Gordon Robinson | When practice doesn't make perfect
So I got a call from Gene Autry.
“Fatboy,” he intoned menacingly, “Why’d you back down?”
“You heard me. You allowed some fossil to bully you into falsely confessing you used ‘practice’ wrongly.”
“No,” I defended stoutly. “Not a fossil. He’s young.”
“Look here, Gato Gordo!” Uh, oh. He never uses his Spanish nickname for me unless it’s serious. “Remember when I pushed your head under a cold-water pipe at 2.00 a.m. so you’d wake up and play another domino game?”
“Yeh ess,” I answered hesitantly.
“Well it’s time for another cold shower. Don’t give up so easily. I know ancient Brits still distinguish between ‘practise’ and ‘practice’, but modern language uses practice as a dual-purpose word.”
“And by modern language you mean …?”
“Don’t be obtuse! Naturally, I mean American English. It’s used by every computer in Jamaica. I know you grew up singing ‘God Save the Queen’, but times change. All interactions these days are with people speaking and writing American English. I use ‘practice’ interchangeably. There are other examples like ‘organize’. If you try bucking these trends, your computer will torture you mercilessly. So decide who you’ll show the white flag. Ye olde English editor? Or your new colonizers?”
“But … .”
“I’m not finished. Have you noticed American English cancelled the suffix ‘ise’, replacing it with ‘ize’? American computers organize it so you can’t peacefully spell that word ‘organise’. So tell Editor-guy to practice spelling words without an ‘s’.”
I didn’t go down that rabbit hole but was reminded that politicians “practice” everything but what they preach, and none of it makes perfect anything, especially sense. Announcements a mus’! Performance? Mebbe. On March 14, in a web-blog post ( https://theterribletout.wordpress.com) headlined Pan(dem)ic Marketing Obscures Vaccine Inequity, I criticised Government’s delay in prioritising vaccine procurement (elections preferred) and then unforgivably prioritising MPs/Senators in vaccine roll-out.
Howls of protest from lobotomised tribalists abounded. Health Minister Chris Tufton continued practising “market me” strategies because after all, if it’s marketed, it’s perfect, right? Thank God for straight-talking NHF chairman Howard Mitchell who was quoted in Friday’s Gleaner as admitting that “[the collapse in Indian production] is where the trouble started and Jamaica came to the party late”.
Few practise dunceness as effectively as Justice Minister Delroy Chuck who essayed one of his patented inane, inappropriate, insulting remarks during the Sexual Harassment Bill debate:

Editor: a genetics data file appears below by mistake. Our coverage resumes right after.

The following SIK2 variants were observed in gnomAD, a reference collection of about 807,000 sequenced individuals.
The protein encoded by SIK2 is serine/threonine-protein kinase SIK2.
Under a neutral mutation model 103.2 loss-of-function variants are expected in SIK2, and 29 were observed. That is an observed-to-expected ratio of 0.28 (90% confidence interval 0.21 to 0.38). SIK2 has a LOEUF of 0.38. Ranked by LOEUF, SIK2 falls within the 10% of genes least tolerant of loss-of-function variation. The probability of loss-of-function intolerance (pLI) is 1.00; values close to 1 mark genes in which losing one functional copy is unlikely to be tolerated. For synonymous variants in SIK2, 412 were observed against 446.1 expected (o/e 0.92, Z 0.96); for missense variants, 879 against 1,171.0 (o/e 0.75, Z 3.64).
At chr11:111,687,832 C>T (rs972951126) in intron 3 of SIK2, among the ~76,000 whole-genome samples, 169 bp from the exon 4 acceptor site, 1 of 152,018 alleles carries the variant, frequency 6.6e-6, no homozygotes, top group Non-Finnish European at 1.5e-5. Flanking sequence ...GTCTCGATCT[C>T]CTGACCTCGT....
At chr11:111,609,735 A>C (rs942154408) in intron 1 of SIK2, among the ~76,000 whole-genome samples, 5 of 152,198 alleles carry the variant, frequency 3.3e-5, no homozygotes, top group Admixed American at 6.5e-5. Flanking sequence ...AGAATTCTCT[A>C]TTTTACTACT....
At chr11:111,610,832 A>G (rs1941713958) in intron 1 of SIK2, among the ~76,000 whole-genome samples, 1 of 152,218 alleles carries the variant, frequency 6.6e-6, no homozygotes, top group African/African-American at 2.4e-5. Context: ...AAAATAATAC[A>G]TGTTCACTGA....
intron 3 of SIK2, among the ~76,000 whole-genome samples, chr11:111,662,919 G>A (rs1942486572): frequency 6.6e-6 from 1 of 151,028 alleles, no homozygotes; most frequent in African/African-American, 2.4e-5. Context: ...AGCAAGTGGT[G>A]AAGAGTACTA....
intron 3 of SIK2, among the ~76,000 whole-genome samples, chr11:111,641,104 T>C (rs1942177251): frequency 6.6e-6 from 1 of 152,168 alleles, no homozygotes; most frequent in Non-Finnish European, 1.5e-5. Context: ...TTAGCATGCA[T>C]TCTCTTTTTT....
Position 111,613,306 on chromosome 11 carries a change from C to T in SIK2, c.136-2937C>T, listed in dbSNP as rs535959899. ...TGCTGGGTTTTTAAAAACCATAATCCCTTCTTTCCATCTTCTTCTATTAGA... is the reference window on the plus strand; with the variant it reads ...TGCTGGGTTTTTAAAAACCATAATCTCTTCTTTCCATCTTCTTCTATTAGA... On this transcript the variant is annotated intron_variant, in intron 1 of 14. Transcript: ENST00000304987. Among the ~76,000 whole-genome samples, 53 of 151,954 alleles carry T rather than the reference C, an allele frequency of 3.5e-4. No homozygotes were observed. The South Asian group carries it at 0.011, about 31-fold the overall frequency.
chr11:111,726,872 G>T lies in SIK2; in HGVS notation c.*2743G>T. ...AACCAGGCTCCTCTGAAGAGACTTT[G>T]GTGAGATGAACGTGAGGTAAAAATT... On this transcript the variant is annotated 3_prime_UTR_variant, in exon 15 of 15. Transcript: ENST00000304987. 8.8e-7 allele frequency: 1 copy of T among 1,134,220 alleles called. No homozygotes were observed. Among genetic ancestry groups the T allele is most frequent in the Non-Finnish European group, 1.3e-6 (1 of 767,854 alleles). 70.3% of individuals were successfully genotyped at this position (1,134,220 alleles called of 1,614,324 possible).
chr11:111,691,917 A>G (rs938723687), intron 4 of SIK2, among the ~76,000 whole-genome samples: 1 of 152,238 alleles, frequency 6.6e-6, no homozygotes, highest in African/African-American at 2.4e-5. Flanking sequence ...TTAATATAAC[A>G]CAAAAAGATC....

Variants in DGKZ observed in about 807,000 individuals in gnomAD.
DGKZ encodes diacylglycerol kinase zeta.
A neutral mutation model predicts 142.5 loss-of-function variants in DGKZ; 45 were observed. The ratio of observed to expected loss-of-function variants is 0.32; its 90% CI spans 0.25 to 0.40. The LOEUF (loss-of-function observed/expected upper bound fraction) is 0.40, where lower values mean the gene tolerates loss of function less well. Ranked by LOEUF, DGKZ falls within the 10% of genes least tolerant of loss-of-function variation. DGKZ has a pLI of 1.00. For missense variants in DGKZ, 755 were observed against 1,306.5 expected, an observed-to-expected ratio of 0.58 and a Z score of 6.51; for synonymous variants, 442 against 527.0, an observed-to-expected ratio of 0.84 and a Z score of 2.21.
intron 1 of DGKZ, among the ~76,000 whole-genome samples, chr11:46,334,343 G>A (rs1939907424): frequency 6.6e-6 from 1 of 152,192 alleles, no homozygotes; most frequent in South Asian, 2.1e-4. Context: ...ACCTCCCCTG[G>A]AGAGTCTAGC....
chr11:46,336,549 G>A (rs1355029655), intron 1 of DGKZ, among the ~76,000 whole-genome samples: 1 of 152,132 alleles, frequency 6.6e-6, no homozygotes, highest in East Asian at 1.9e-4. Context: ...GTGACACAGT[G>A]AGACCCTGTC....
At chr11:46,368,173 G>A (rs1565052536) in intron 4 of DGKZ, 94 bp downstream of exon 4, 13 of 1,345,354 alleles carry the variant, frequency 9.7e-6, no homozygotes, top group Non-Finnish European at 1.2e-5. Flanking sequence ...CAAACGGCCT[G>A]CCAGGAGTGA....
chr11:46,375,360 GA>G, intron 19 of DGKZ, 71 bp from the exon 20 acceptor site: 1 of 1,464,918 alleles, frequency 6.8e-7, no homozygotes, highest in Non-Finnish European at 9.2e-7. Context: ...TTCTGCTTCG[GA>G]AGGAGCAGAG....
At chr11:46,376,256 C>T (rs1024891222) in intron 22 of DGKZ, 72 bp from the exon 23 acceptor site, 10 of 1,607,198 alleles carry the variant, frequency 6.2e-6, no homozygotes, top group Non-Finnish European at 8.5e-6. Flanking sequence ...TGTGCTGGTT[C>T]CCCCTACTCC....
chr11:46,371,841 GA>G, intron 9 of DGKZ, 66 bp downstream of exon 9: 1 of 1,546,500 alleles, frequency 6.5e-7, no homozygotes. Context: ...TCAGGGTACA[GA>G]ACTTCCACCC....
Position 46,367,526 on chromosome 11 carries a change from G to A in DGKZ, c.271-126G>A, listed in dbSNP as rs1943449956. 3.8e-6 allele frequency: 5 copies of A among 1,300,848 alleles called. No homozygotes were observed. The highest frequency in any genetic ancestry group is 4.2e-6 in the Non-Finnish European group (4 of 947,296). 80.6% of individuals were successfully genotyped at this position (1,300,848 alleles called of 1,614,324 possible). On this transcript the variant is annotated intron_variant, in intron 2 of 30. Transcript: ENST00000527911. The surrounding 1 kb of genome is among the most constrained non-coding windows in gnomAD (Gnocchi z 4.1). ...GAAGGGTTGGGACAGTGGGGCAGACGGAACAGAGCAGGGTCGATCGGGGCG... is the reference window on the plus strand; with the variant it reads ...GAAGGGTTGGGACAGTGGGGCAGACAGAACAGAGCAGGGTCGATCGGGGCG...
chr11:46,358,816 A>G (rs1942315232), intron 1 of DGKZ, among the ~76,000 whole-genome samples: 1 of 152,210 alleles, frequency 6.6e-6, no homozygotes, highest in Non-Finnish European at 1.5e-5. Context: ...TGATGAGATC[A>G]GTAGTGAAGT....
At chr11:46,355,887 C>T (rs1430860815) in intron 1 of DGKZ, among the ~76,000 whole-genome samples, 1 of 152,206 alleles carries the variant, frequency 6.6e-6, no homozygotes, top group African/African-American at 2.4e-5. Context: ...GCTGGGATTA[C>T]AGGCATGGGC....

“There’s no reason why any employer… should be slapping a woman on her bottom or her chest. So that’s the extreme, but we cannot ignore where an affectionate touch on the shoulder or on the elbow or a squeeze of the hand is deemed to be sexual harassment.”
Wha, wha, WHAT???
Delroy, yu fa reel? Why would ANYONE want to touch ANYONE ELSE at work? That’s NEVER “affectionate” nor should it be tolerated. One last thing, Delroy, (said Lieutenant Colombo), the office is no place for “affection”.
Delroy’s offhand affront (and afback) to women proves that morals can’t be legislated. So his politically grandstanding law is destined for futility like the similarly hyped Anti-Litter law unless accompanied by comprehensive, continuous sex education in schools.
ONE HAN’ CYAN CLAP
Across the aisle, Mark Golding has been marketing unity while practising disunity since being (s)elected party leader. He advised the NEC to choose Rise United (RU) candidates for chairman/gensec; demoted an excellent Senate Leader of Opposition Business to insert RU Mentor Peter Bunting in her job; and surrounded himself with an RU echo chamber. So on Friday, One of two PNPs threw its hands in the air and resigned en bloc. Now PNP 0.5 can rise united.
Mark Golding, the latest victim of “be careful what you ask for”, should’ve learned by now that one han’ cyan clap. Instead of leading by example, he opted for leadership catastrophe by delegating the unity process to a “committee”. Mark isn’t PNP’s future.
Like the JLP in 1967, the PNP needs a compromise leader with twin abilities. First, not being a contestant in that bitter November contest that fuelled the divisiveness. Second, having the self-confidence, commitment, and composure required to bring factions together. In 1967, the JLP found Hugh Shearer. Twenty-twenty-one PNP needs to practise finding a Shearer.
That practice can make perfect a dual-purpose leader who helps the PNP avoid political oblivion.
Peace and love!
Gordon Robinson is an attorney-at-law. Email feedback to firstname.lastname@example.org